The subject of this memoir was born in Mercer County, Kentucky, near the present site of Danville, October 22nd, 1783. His father, a native of old Virginia, subsequently settled in Maryland, and was found amongst the pioneers in the settlement of Beargrass Creek, now Louisville, in 1779. From thence, soon after the birth of Jesse, the family removed to Woodford County. Here, amongst the romantic cliffs of the Kentucky river, the early impressions of the subject of this sketch were received. In those days, the settlers of Kentucky were harassed by Indians, who came in maurauding [sic] parties from the wilderness on the opposite side of the Ohio river. In one of these skirmishes his father was killed, in the fourth years of his age, and his mother lift the six young children, of which he was the fourth, and with very little property for their maintenance.
The following extract from his own pen, written many years since, and which we copy from an obituary in the Banner and Pioneer, written by the Rev. S. D. Owen, will give the reader correct impressions of his early character.
"I have but an indistinct recollection of my father. Two or three trifling incidents, in which I can remember he took a part, are all that remains of him, either in my memory or imagination. A thousand times has my fancy labored to catch the expression of his countenance, or the tone of his voice, but it has always been in vain. The image imprinted on my memory is too shadowy and evanescent to be embodied. My first distinct recollection respecting him is the feelings with which I heard the account of his death. I saw the family in tears - and the scene is as lively as if it was now before me - but I do not believe my father was dead. I do not know that I pretended to mourn on the subject; but I did not believe the report. I expected my father would soon be at home again; and I do not know at what time, nor with what feelings, I became convinced that I was an orphan."
Brother Holman manifested an early attachment to books, but at that period good schools were scarcely known in Kentucky. In the fifth year of his age, he entered one at the distance of two miles from his mother's house. Himself and an elder brother could attend only in the winter, and then at such intervals of time as was not indispensable to provide for the wants of the family. The wood must be cut and hauled, the stock fed, milling attended to at the an inconvenient distance, and many other cares; yet, with all these disadvantages, he outstripped all the boys of his age in learning. Both summer and winter, his spare time was employed in reading, and he evinced a singular thirst for knowledge. It is interesting, indeed, to look back at these juvenile years, and ardent strugglings of our friend. His temperament was ardent, his feelings quick, and with little control from others, he was moved by impulses. Yet he was not turbulent or refractory.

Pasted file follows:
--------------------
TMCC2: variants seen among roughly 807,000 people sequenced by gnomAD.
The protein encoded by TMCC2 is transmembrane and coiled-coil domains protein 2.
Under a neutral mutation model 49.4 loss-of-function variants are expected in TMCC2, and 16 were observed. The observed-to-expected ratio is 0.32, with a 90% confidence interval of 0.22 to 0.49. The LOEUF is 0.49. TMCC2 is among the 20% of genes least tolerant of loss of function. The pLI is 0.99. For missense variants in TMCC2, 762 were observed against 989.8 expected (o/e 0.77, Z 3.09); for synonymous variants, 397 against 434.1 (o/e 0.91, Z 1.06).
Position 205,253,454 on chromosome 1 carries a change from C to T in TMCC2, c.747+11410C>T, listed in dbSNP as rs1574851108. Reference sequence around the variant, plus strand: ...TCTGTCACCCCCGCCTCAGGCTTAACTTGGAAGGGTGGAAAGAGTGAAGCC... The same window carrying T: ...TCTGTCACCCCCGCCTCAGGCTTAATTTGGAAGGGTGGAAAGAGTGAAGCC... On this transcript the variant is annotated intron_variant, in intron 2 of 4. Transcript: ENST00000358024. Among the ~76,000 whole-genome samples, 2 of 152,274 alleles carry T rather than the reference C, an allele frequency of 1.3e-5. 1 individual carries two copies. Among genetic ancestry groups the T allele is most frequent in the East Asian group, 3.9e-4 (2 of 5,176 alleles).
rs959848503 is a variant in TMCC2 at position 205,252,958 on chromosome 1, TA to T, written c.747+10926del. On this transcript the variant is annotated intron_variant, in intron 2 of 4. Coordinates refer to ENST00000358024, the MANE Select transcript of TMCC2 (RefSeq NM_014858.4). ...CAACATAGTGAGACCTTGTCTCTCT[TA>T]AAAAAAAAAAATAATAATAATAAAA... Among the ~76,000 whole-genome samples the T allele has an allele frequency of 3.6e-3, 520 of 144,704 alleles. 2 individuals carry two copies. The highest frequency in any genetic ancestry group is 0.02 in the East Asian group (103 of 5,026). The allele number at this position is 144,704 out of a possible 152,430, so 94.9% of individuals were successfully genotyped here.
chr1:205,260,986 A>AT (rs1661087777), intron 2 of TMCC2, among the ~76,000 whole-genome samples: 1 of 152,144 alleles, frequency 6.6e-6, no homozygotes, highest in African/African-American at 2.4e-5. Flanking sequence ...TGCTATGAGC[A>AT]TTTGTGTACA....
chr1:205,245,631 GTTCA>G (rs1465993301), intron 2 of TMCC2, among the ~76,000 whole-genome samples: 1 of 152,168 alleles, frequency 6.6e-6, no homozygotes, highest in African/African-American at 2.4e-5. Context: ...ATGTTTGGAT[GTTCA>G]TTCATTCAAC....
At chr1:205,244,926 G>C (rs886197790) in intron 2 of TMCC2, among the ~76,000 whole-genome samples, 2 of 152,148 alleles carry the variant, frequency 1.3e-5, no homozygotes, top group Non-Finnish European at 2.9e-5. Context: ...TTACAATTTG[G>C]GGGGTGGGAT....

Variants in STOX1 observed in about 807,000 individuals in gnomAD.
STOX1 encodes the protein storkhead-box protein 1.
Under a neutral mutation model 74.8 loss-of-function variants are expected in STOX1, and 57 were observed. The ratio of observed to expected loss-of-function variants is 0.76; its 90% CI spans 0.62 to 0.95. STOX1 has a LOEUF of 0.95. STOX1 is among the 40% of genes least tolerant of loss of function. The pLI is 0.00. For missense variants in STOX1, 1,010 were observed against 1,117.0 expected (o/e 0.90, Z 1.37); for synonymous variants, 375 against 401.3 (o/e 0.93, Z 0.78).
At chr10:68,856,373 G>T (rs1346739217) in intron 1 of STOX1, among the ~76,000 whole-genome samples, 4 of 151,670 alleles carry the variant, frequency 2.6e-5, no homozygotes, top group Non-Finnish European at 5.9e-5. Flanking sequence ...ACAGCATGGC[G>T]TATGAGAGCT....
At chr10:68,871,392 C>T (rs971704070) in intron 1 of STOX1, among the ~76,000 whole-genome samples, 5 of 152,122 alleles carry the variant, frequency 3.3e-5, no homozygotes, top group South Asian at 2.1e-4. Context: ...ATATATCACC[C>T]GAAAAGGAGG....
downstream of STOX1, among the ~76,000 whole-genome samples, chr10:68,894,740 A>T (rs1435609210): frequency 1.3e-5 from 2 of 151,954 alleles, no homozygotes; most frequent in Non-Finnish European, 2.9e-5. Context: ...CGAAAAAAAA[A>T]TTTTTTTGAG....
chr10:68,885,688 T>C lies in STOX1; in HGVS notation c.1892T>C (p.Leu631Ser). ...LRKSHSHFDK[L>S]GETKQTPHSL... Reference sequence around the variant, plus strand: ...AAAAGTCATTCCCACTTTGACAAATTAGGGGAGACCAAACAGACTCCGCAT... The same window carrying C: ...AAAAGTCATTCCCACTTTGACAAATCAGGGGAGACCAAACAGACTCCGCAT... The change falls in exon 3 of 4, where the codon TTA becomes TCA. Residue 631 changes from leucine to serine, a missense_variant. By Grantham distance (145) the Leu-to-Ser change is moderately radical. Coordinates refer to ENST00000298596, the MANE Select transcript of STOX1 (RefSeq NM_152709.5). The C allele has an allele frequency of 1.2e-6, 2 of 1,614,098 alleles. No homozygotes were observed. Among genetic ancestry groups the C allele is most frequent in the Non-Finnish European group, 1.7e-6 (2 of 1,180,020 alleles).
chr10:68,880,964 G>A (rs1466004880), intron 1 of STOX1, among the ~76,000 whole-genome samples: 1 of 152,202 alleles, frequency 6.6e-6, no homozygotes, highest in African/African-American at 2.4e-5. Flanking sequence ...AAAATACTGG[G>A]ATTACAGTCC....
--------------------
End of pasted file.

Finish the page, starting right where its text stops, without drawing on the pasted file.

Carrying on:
In very early life, he was the subject of religious impressions, and he retained a distinct recollection of the feelings produced by a sermon when not four years of age. He learned to read very early, before he ever entered a school. Very likely, as has been the case in numerous instances in the log cabins of the western settlers, his mother taught him from some old, mutilated spelling book. At a very early age he was in the habit, daily, of reading the Bible; yet he had not the least recollection when, and under what circumstances, he first learned to read. His mother, though, an amiable and moral woman, at this time made no profession of religion, and it was not till nearly ten years of age that he ever heard a sermon or a prayer offered. From that period, preaching occasionally was held in the settlement, on which he attended, and listened with attention and interest. Evidently he was a child of providence, and early marked out for usefulness. At the age of sixteen years, thee was a revival in the neighborhood, during which he was deeply impressed. We here adopt the language of the memoir of brother Owen, heretofore alluded to, as published in the Baptist Banner and Western Pioneer.
"When the revival began, he resolved to attend the meeting regularly, and felt very anxious to experience the joys of religion. Being taught by what he heard and saw, that a certain train of convictions for sin, an agonizing sense of guilt, and a sudden and joyful deliverance, were indispensably necessary to being a Christian, he labored continually to be exercised as others, who, in great distress and with many tears, were praying for the pardon of their sins. But his labor was unavailing. Often when striving to weep, he was filled with joy; and when trying to produce in his mind convictions and sorrows for sin, he was foiled in the attempt by an unwelcome but delightful view of the Savior's loveliness. Thus, checking every pleasurable emotion, and mourning only because he could not mourn, he passed many months, refusing to be comforted. Apprehending his case to be hopeless, he then began to settle down in despair. A long, dark and gloomy night followed. But, notwithstanding all his precaution, flashes of joy would suddenly break in upon his mind, and surprise him with bright and pleasing sensations. Regarding these as proof that he was a stranger to genuine conviction for sin, unbelief would take advantage of them to sink him deeper in despondency. Now and then a passage of scripture would be applied with renewing power to his soul, but its proffered joys were soon rejected, and served only to make the darkness more visible. The gleams of light, gradually, however, became more frequent and of longer continuance, until they triumphed over darkness and fully possessed his soul."